1. Clarkston, Washington
Clarkston is our top pick because of its beautiful location and mild climate. And Clarkston, Washington has a twin city, Lewiston, Idaho, which lies across the Snake River.
Believe it or not, Clarkston was named after William Clark, of Lewis and Clark, and Lewiston was named after Meriwether Lewis, also of Lewis and Clark. Both cities lie close to the confluence of the Snake and Clearwater Rivers. And Hells Canyon, the deepest gorge in the continental United States.
Compared with our other ports, Clarkston is a veritable baby. It wasn’t incorporated until the 20th Century, 1902 to be exact. The port of Clarkston transports produce from farms, mostly grains, and lumber related products. Its inland location moves these commodities to the Portland, Oregon or Vancouver, British Columbia.
As you pull into port, go out on deck and take a look at the gorgeous scenery as the river winds away from you. Do not miss this opportunity to venture forth – Clarkston/Lewiston offer many opportunities for getting to know the countryside by foot or by vehicle.
The First Territorial Capital Interpretive Center is a great place to begin an excursion. The Center is located the river in Lewiston, Idaho (named after Meriwether Lewis, of Lewis and Clark.) At the Center you will see a replica of the Idaho First Territorial Capitol Building, built to scale and using traditional construction methods. You will also have the opportunity to learn about the history of the area and its early inhabitants. The exhibit also contains artifacts and historical documents which provide an inkling of what life was like in the early settlements of the Snake River Valley.
If you really want to know this region, head for the Nez Perce National Historical Park. The Visitor Center will quickly acquaint you with the Nez Perce people and their customs through its exhibits and live demonstrations. The park contains story sites and many collections designed to help visitors understand the culture of the Nez Perce. You will also have the opportunity to observe the beauty of the regional flora and fauna. You may even come to understand the abiding love the Nez Perce have for their land.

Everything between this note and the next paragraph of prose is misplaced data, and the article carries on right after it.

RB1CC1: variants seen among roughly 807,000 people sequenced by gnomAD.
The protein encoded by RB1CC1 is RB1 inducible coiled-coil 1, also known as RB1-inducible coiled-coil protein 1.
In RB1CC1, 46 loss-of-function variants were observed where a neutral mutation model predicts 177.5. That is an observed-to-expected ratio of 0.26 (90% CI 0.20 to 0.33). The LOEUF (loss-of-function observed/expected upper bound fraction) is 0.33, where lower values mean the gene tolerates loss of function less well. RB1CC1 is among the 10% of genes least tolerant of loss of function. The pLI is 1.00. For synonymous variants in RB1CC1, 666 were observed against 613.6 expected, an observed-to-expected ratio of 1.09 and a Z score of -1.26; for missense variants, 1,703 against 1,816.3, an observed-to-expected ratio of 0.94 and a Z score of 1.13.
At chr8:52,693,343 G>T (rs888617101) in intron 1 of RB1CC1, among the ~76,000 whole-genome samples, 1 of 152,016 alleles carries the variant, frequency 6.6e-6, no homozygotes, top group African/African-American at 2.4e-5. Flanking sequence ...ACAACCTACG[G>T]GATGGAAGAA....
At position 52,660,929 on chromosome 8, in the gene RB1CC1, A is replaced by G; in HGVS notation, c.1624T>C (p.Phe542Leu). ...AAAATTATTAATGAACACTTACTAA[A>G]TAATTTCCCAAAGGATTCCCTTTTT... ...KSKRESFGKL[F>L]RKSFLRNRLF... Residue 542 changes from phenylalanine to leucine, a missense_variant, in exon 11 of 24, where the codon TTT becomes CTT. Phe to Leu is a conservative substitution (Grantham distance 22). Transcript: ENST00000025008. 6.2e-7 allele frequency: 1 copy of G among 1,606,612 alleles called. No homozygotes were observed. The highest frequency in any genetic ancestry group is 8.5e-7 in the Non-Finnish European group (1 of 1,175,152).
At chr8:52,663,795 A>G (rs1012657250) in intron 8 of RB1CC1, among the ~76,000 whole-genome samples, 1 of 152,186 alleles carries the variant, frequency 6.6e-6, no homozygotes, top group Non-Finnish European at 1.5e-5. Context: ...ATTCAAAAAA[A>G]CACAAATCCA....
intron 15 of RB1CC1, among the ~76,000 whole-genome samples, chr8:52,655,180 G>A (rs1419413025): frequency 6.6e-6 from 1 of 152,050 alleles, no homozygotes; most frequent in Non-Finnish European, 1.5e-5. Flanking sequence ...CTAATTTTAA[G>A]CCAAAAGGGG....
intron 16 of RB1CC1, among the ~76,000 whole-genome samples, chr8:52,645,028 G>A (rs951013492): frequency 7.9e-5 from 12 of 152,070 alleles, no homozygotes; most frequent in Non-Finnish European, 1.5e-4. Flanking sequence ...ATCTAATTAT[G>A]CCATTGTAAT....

If you visit Clarkston in the fall, you may have the opportunity to attend the Annual Foundation Fall Festival. Proceeds from the Festival go towards the Asotin County Library Foundation. Billed as a wine and beer tasting, it also includes silent auctions, live auctions, food and a quilt raffle.
Back across the river in Lewiston, sits the Lewis and Clark State College Center for Arts and History. The Center building began as a department store, was occupied as a bank for several years and finally became the Center for Arts and History in 1991. The Center has changing exhibits, so check the website to see what is happening during your visit. It also sponsors competitions and children’s camps. Check out “In the Vineyard” Plein Air Competition and Exhibit!
Spring, summer and fall cruises to Clarkston are all fabulous!
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So the next time you see those ads on TV for the European river cruises, remember, the US has plenty of ports of call and gorgeous rivers of its own. We’ve only touched on a few of the areas visited by cruise ships. There are many more in all regions of the country. And you don’t need a passport! Only a camera!